Frank Capra is one of the best American directors, though perhaps temporarily out of fashion at the moment as only a few of his films are available on DVD. Capra worked for one of Hollywood’s smallest studios – Columbia Pictures – which was only a few years away from its Poverty Row origins.
Capra’s ability was recognized at the time, and this editorial by Hollywood Reporter editor Billy Wilkerson gives equal credit to screenwriter Robert Riskin and production executive Sam Briskin. Notably there is no mention of head of production Harry Cohn.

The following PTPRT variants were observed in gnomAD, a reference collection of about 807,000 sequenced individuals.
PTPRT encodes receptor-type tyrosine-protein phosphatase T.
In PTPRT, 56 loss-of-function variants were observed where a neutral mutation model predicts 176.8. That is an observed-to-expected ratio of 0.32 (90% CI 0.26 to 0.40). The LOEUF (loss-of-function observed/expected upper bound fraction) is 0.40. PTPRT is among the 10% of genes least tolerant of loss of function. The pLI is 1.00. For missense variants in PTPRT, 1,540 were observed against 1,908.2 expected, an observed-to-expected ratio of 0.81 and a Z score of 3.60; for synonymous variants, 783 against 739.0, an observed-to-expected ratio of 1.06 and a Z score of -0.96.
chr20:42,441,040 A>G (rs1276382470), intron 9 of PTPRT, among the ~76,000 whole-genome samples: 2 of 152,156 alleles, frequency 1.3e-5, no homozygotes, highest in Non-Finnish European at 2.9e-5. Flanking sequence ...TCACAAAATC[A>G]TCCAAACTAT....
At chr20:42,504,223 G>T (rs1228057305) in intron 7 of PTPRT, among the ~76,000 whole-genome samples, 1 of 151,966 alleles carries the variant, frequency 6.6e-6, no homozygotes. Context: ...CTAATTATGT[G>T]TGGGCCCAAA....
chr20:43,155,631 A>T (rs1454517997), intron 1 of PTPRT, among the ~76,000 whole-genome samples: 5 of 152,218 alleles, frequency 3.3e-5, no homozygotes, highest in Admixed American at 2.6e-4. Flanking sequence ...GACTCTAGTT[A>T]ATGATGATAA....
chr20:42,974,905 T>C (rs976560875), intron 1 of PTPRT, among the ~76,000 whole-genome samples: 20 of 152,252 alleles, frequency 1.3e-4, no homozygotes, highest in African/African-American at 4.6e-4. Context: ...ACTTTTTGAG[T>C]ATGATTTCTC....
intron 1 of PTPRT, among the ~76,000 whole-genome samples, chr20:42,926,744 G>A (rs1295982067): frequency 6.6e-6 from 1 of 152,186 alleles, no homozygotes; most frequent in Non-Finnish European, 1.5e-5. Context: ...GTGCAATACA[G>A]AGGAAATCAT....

Despite the recognition of Capra’s talents by the executives of other studios, the major studios micromanaged the work of many of their contract directors. Capra’s success gave him some measure of independence on how he directed his pictures and his desire to work with stars (such as Gary Cooper and James Stewart) who had to be borrowed from other studios.
Read the original issue of The Hollywood Reporter for February 16, 1934, posted online by the Media History Digital Library.